When all hands gathered later at the victory party, there were few alibis. Said Guggenheim, "Never Bend withstood all those horses but one, and he really had no excuse that I can think of." Rex Ellsworth, noting that Candy Spots had never been rank before, also said that his chestnut had come back gasping and gagging and with a considerable amount of dirt in his head. "I thought our horse could run better than that," said Tenney. "I can't give him an excuse because I know that two good horses beat him." Then, turning to the winning owner, John Galbreath, Mesh added, "If we couldn't win, I'm sure glad to see you win. In fact, we always get a kick out of seeing any son of Swaps win. And yours is a good one."

That Columbus, Ohio real estate man and builder Galbreath (SI, June 1, 1959) should have come up with a colt like Chateaugay seems only fair. This walking dynamo has worked hard—and paid dearly—for his success. He began nearly 30 years ago with 110 acres and five $100 mares and now owns 3,700 acres near Columbus and 600 more acres in Lexington, Ky. He bought Swaps from Ellsworth for $2 million and then spent another $1,350,000 to lease the Italian champion Ribot for five years of stud duty. He has spent better than $5 million to build up a representative racing stable, or just about what he also kicked in to buy and improve the Pittsburgh Pirates baseball team. "I guess you'd say that we've hit our peak in both sports now," Galbreath said. "Beating the Yankees in the 1960 World Series was the greatest thing that ever happened to me in baseball. And now achieving our goal in racing with a Derby winner is the greatest all over again. Nobody can possibly know how really thrilled you can be until he experiences it."

The next experience for the Derby participants will be in the Preakness at Pimlico on May 18. Chateaugay and Never Bend are aiming for it. After some early indecision by Ellsworth and Tenney, Candy Spots will be sent to Baltimore, too. "He deserves the chance to try the Preakness," said Tenney. With these three (No Robbery is out of the race with bucked shins), and with such non-Derby starters as Ahoy and Get Around, the show at Pimlico should be just as exciting as the one at Churchill Downs.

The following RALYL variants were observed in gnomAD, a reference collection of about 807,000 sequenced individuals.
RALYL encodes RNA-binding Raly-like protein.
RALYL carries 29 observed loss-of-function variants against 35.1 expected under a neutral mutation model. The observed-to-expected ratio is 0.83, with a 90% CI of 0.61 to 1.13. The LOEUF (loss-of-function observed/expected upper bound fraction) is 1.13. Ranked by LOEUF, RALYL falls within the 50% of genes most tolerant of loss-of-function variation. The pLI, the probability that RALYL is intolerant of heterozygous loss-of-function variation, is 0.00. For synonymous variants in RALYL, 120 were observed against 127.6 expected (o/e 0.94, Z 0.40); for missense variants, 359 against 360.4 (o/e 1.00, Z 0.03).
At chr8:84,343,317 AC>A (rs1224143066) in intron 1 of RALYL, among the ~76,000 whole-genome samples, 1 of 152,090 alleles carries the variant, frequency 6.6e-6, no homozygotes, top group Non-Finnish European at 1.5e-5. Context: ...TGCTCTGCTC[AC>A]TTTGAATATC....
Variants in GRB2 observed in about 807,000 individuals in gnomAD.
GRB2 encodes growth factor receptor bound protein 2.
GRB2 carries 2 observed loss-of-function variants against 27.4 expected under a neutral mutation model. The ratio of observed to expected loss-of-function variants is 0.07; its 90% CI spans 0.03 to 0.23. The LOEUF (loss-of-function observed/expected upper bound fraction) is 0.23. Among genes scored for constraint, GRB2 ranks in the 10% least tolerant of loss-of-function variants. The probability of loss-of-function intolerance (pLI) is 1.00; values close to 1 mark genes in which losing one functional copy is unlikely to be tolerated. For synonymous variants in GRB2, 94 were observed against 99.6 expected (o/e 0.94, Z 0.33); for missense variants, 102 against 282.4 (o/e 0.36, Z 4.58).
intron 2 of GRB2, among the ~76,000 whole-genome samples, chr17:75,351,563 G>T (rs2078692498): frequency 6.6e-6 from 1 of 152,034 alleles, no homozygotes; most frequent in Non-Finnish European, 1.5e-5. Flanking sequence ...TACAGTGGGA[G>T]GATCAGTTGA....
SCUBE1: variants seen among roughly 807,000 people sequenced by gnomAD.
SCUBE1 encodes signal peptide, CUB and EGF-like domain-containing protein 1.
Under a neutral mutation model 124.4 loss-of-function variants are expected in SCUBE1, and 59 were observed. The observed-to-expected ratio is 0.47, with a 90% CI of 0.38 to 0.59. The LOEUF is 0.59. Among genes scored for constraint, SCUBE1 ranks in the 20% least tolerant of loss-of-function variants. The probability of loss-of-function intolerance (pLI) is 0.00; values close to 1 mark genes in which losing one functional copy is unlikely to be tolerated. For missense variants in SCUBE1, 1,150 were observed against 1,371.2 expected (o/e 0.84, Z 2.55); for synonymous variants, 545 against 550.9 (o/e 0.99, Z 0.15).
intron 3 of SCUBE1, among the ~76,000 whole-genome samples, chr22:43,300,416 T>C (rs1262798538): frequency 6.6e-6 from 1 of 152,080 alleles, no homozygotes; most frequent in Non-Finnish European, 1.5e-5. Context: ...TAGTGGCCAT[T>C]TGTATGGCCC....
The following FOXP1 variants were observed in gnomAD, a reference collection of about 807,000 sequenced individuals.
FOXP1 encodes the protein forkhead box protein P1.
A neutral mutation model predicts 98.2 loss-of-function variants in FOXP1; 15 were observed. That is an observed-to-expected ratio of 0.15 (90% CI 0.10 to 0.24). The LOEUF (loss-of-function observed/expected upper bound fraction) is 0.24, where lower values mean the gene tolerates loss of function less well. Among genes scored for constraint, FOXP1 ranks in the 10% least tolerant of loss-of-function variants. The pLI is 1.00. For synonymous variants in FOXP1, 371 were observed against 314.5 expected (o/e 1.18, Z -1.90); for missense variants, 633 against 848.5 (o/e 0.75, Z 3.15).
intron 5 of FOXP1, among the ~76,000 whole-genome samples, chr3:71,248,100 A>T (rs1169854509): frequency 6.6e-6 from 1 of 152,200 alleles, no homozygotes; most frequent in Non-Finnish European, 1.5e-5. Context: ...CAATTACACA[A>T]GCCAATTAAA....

With a lunge and a whinny Chateaugay shows his oats while Jockey Braulio Baeza tries to hold his seat. On the coifs bridle is a wishbone, put there for luck by his owner, John Galbreath.


The leaders have passed the half-mile pole, and Chateaugay (No. 1) is still in sixth place and 10 lengths behind. He appears to be out of the race at this point, while Candy Spots, third, is just where everyone expected him to be, close to the pace and in good position for a late run.


On the rail by his own choice and now trapped, Willie Shoemaker on Candy Spots (No. 9) anxiously looks for racing room in the stretch.


Asked by SPORTS ILLUSTRATED to estimate his investments in racing and baseball, Galbreath adds figures that show he spent $10 million on Darby Dan Farm and the Pirates.


Disappointed Californians Tenney (left) and Ellsworth attend the victory party. They will try again with Candy Spots in the Preakness.